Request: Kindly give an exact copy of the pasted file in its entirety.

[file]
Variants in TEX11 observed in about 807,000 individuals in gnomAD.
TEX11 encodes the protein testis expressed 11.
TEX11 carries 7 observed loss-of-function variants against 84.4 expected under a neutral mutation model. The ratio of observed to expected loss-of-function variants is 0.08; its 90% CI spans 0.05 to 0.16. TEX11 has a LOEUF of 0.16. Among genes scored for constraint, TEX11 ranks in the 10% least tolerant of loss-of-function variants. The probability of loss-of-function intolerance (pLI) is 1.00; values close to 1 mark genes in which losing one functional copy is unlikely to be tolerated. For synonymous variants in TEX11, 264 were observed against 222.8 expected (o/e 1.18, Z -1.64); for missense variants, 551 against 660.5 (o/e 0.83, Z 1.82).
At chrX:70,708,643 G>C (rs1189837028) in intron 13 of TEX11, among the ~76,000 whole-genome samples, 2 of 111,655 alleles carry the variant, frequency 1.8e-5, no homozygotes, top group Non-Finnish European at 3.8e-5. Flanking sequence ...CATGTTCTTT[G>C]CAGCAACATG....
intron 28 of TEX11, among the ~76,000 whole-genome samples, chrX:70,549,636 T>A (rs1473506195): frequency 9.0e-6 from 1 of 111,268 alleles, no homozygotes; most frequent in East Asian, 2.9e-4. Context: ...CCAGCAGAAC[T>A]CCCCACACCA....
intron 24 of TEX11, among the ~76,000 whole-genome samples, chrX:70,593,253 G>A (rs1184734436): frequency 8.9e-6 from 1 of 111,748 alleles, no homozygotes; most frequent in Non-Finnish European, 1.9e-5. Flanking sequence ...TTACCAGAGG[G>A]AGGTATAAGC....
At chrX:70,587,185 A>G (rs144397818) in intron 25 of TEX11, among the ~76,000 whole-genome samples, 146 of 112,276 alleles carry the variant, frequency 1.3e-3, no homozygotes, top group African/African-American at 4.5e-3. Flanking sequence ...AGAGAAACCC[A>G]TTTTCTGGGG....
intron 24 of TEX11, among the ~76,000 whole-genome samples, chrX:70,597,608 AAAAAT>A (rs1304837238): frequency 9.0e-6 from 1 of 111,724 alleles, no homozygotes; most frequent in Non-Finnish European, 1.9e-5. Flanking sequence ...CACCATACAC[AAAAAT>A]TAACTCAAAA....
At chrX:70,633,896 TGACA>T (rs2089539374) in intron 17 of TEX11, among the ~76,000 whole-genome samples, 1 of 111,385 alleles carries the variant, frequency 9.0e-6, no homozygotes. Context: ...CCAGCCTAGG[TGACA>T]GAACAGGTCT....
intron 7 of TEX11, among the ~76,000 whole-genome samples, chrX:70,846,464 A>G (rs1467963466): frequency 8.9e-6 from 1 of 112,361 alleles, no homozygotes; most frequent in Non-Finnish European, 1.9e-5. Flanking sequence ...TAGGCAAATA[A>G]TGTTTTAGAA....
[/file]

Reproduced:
Variants in TEX11 observed in about 807,000 individuals in gnomAD.
TEX11 encodes the protein testis expressed 11.
TEX11 carries 7 observed loss-of-function variants against 84.4 expected under a neutral mutation model. The ratio of observed to expected loss-of-function variants is 0.08; its 90% CI spans 0.05 to 0.16. TEX11 has a LOEUF of 0.16. Among genes scored for constraint, TEX11 ranks in the 10% least tolerant of loss-of-function variants. The probability of loss-of-function intolerance (pLI) is 1.00; values close to 1 mark genes in which losing one functional copy is unlikely to be tolerated. For synonymous variants in TEX11, 264 were observed against 222.8 expected (o/e 1.18, Z -1.64); for missense variants, 551 against 660.5 (o/e 0.83, Z 1.82).
At chrX:70,708,643 G>C (rs1189837028) in intron 13 of TEX11, among the ~76,000 whole-genome samples, 2 of 111,655 alleles carry the variant, frequency 1.8e-5, no homozygotes, top group Non-Finnish European at 3.8e-5. Flanking sequence ...CATGTTCTTT[G>C]CAGCAACATG....
intron 28 of TEX11, among the ~76,000 whole-genome samples, chrX:70,549,636 T>A (rs1473506195): frequency 9.0e-6 from 1 of 111,268 alleles, no homozygotes; most frequent in East Asian, 2.9e-4. Context: ...CCAGCAGAAC[T>A]CCCCACACCA....
intron 24 of TEX11, among the ~76,000 whole-genome samples, chrX:70,593,253 G>A (rs1184734436): frequency 8.9e-6 from 1 of 111,748 alleles, no homozygotes; most frequent in Non-Finnish European, 1.9e-5. Flanking sequence ...TTACCAGAGG[G>A]AGGTATAAGC....
At chrX:70,587,185 A>G (rs144397818) in intron 25 of TEX11, among the ~76,000 whole-genome samples, 146 of 112,276 alleles carry the variant, frequency 1.3e-3, no homozygotes, top group African/African-American at 4.5e-3. Flanking sequence ...AGAGAAACCC[A>G]TTTTCTGGGG....
intron 24 of TEX11, among the ~76,000 whole-genome samples, chrX:70,597,608 AAAAAT>A (rs1304837238): frequency 9.0e-6 from 1 of 111,724 alleles, no homozygotes; most frequent in Non-Finnish European, 1.9e-5. Flanking sequence ...CACCATACAC[AAAAAT>A]TAACTCAAAA....
At chrX:70,633,896 TGACA>T (rs2089539374) in intron 17 of TEX11, among the ~76,000 whole-genome samples, 1 of 111,385 alleles carries the variant, frequency 9.0e-6, no homozygotes. Context: ...CCAGCCTAGG[TGACA>T]GAACAGGTCT....
intron 7 of TEX11, among the ~76,000 whole-genome samples, chrX:70,846,464 A>G (rs1467963466): frequency 8.9e-6 from 1 of 112,361 alleles, no homozygotes; most frequent in Non-Finnish European, 1.9e-5. Flanking sequence ...TAGGCAAATA[A>G]TGTTTTAGAA....